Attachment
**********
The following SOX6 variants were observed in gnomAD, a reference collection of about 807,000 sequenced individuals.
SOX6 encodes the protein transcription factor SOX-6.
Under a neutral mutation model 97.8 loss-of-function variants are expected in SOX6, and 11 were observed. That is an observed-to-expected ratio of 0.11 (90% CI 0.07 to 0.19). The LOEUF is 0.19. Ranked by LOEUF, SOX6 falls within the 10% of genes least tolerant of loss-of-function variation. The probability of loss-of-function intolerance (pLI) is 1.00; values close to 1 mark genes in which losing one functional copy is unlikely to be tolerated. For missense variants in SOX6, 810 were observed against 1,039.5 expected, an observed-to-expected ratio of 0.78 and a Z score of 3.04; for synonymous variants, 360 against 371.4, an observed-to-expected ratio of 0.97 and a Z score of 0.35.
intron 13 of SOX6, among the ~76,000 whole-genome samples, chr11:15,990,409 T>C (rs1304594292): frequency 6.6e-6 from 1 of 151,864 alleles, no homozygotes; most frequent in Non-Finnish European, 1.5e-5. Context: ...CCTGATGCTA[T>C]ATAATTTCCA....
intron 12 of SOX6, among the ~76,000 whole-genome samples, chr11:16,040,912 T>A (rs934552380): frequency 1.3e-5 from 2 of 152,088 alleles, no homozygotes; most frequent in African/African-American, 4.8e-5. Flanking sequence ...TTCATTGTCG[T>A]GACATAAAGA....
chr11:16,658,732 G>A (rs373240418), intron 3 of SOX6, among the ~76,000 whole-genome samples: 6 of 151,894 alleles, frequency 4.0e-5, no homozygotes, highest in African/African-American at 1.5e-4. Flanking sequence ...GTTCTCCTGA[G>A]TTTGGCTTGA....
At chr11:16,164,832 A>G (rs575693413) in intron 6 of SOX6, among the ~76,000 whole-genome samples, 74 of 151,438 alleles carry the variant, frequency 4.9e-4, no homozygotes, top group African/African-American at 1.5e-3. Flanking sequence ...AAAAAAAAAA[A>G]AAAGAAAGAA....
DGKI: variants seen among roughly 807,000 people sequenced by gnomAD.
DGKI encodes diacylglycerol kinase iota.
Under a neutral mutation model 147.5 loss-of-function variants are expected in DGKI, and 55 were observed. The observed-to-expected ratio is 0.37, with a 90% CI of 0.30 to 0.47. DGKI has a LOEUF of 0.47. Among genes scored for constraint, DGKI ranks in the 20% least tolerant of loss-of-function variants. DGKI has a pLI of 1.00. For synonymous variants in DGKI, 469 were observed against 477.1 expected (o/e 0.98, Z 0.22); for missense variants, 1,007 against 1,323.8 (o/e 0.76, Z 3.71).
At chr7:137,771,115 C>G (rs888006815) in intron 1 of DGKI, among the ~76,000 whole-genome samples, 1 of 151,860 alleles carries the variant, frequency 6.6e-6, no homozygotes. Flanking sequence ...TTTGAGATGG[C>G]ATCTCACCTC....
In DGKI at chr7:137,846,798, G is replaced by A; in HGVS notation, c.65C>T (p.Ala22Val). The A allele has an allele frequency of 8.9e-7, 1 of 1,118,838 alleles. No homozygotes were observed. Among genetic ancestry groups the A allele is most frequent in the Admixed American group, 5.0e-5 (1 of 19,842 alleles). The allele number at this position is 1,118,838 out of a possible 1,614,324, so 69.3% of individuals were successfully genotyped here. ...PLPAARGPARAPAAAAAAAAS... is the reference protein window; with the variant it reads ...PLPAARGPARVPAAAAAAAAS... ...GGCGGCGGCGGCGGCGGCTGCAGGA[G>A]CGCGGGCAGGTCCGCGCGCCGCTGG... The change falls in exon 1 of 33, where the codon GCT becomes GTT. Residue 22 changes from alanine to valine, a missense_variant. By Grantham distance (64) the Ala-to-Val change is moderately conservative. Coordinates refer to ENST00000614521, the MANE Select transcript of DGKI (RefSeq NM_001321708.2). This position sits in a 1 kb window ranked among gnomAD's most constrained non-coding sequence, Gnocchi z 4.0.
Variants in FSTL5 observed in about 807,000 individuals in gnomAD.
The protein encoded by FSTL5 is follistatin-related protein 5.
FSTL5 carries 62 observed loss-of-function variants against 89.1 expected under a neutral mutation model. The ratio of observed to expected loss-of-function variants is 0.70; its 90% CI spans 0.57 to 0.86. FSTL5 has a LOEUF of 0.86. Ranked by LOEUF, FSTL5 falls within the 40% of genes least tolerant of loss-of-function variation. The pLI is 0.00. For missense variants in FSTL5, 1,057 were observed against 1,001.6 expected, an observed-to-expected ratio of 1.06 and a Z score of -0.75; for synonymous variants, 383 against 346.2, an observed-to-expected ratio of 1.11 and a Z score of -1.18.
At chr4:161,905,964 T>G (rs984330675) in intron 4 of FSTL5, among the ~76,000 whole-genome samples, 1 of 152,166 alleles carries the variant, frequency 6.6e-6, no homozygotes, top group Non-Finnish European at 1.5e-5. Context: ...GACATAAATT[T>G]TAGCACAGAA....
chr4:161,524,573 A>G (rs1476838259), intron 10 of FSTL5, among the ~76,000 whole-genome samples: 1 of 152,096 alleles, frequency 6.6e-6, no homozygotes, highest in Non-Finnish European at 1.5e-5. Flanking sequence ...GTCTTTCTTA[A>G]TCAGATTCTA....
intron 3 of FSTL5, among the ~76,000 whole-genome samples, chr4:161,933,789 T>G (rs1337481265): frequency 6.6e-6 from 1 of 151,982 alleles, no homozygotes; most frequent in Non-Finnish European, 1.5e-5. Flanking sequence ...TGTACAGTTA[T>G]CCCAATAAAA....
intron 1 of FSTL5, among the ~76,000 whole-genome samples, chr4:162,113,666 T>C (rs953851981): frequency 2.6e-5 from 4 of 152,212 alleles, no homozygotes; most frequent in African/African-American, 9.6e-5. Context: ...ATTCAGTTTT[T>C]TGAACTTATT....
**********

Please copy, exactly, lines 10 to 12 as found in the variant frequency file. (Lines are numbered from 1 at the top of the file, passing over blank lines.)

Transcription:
Under a neutral mutation model 147.5 loss-of-function variants are expected in DGKI, and 55 were observed. The observed-to-expected ratio is 0.37, with a 90% CI of 0.30 to 0.47. DGKI has a LOEUF of 0.47. Among genes scored for constraint, DGKI ranks in the 20% least tolerant of loss-of-function variants. DGKI has a pLI of 1.00. For synonymous variants in DGKI, 469 were observed against 477.1 expected (o/e 0.98, Z 0.22); for missense variants, 1,007 against 1,323.8 (o/e 0.76, Z 3.71).
At chr7:137,771,115 C>G (rs888006815) in intron 1 of DGKI, among the ~76,000 whole-genome samples, 1 of 151,860 alleles carries the variant, frequency 6.6e-6, no homozygotes. Flanking sequence ...TTTGAGATGG[C>G]ATCTCACCTC....
In DGKI at chr7:137,846,798, G is replaced by A; in HGVS notation, c.65C>T (p.Ala22Val). The A allele has an allele frequency of 8.9e-7, 1 of 1,118,838 alleles. No homozygotes were observed. Among genetic ancestry groups the A allele is most frequent in the Admixed American group, 5.0e-5 (1 of 19,842 alleles). The allele number at this position is 1,118,838 out of a possible 1,614,324, so 69.3% of individuals were successfully genotyped here. ...PLPAARGPARAPAAAAAAAAS... is the reference protein window; with the variant it reads ...PLPAARGPARVPAAAAAAAAS... ...GGCGGCGGCGGCGGCGGCTGCAGGA[G>A]CGCGGGCAGGTCCGCGCGCCGCTGG... The change falls in exon 1 of 33, where the codon GCT becomes GTT. Residue 22 changes from alanine to valine, a missense_variant. By Grantham distance (64) the Ala-to-Val change is moderately conservative. Coordinates refer to ENST00000614521, the MANE Select transcript of DGKI (RefSeq NM_001321708.2). This position sits in a 1 kb window ranked among gnomAD's most constrained non-coding sequence, Gnocchi z 4.0.